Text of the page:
The British education secretary, Gavin Williamson, has called for girls to be allowed in to Eton after reluctantly being drawn into an argument over the dismissal of a teacher at the exclusive Berkshire school.
Williamson was taking part in an interview about plans for next year’s school exams on BBC Radio 4’s Today programme, when he was asked for his views on the dispute at Eton College, which has been taken up by freedom of speech campaigners.
The secretary of state has made free speech in universities a priority but has refused to comment on the row at Eton, volunteering instead that it would be a good step forward if the £42,000-a-year school altered its admissions policy to allow girls to attend.
“I would be very much in favour of Eton taking girls,” he said. “I think that would be a good step forward.”
Eton has been boys only throughout its 580-year history and it could remain that way. Responding to the education secretary’s comments, a spokesperson for the college said: “Eton has no plans to go co-educational.”
Twenty UK prime ministers have been educated at Eton, the most recent being Boris Johnson. Asked if he would be in favour of girls being admitted, Johnson’s official spokesman said on Thursday: “We have said consistently that single-sex schools are an important part of our diverse education system and it’s right that parents have the opportunity to make decisions about the type of school that their children attend.”
Pressed on whether that meant the prime minister did not think girls should be admitted, the spokesman added: “If Eton were to choose to become a mixed-sex school we would obviously support that decision, but … it’s a matter for Eton as an independent school to set their own admission criteria.”
Another Old Etonian, Jacob Rees-Mogg, leader of the Commons, took the opposite view to Williamson, who attended Raincliffe comprehensive [now community] school in Scarborough. Rees-Mogg told MPs: “Much though I might like my own daughter to go there I think it works very well as it is, thank you very much.”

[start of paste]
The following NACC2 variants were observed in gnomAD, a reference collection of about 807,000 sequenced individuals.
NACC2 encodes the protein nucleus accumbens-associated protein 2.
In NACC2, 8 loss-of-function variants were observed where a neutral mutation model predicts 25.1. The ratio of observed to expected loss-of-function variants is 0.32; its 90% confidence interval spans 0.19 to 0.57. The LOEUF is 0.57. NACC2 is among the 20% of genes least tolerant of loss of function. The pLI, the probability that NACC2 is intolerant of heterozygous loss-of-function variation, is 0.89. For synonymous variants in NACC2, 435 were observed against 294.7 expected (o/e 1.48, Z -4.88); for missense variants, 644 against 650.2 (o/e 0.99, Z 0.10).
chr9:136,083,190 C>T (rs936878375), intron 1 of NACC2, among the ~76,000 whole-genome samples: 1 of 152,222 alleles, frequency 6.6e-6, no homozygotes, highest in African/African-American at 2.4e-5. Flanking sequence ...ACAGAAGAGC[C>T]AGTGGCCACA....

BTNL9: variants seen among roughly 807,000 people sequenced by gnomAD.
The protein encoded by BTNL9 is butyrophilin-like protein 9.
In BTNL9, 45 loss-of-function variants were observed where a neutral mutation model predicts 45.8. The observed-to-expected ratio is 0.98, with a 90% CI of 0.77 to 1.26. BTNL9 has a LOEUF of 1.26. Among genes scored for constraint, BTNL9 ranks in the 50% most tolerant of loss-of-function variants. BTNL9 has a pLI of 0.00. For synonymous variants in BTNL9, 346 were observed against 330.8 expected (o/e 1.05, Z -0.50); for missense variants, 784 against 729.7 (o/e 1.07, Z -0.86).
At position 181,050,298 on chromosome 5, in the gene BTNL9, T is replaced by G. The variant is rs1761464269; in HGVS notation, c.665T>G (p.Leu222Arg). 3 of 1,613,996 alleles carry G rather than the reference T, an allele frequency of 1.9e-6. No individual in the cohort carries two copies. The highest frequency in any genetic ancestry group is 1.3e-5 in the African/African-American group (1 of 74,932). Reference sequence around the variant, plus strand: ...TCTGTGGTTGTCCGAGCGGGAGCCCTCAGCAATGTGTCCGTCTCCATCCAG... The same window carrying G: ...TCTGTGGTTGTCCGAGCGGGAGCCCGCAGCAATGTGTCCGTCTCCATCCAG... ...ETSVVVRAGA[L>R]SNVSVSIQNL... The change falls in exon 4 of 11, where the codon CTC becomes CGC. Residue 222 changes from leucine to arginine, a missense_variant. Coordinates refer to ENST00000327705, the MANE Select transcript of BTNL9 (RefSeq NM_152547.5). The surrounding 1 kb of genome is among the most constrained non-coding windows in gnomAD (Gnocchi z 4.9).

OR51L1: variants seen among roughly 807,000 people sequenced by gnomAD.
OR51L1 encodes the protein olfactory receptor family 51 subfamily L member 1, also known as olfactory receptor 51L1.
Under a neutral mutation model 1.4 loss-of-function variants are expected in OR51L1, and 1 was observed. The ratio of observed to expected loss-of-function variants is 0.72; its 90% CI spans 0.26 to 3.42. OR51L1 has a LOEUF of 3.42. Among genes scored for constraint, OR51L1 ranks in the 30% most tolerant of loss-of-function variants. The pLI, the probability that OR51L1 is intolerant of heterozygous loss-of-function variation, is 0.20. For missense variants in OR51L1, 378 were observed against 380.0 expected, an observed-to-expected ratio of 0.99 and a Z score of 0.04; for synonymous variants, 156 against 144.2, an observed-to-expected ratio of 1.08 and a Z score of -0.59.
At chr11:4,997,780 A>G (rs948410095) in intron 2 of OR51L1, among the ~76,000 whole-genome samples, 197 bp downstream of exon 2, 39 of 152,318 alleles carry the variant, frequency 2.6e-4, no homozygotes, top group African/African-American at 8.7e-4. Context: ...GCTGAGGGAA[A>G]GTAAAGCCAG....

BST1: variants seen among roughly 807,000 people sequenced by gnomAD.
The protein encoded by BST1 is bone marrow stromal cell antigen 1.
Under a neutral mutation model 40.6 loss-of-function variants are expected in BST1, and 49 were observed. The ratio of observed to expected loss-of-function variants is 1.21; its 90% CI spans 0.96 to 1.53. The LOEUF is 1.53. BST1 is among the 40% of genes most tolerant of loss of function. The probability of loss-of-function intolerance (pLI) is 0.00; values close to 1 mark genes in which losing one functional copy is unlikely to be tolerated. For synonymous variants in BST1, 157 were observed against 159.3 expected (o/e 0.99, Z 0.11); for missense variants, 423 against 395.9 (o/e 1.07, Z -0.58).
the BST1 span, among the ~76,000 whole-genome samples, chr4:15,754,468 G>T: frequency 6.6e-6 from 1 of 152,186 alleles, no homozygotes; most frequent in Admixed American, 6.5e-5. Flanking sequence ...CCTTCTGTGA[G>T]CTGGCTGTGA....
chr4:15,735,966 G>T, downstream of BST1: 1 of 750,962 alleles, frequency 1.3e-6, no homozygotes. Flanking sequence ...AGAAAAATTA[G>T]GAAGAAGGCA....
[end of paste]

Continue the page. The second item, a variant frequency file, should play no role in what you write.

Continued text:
Eton College, which was founded in 1440 by Henry VI, is caught up in a dispute over an English teacher, Will Knowland, who was dismissed after being accused of gross misconduct in connection with a video lecture entitled the Patriarchy Paradox.
Knowland’s supporters have said the dispute is about free speech, but the provost of Eton, William Waldegrave, insisted it was a matter of internal discipline after Knowland allegedly refused to remove the video from his YouTube channel following complaints about the content. Knowland is appealing against his dismissal at a hearing next week.
According to the Telegraph, which broke the story, more than 2,000 signatures have been collected from current and former pupils who oppose the dismissal, describing it as a “gross abuse of the duty of the school to protect the freedoms of the individual”.
There is also disquiet among staff. Most recently, Dr Luke Martin, who teaches divinity at Eton, wrote to the vice-provost calling for Knowland to be reinstated. In his letter he expressed concern at the promotion of “a so-called progressive ideology at the school”, likening it to “religious fundamentalism”.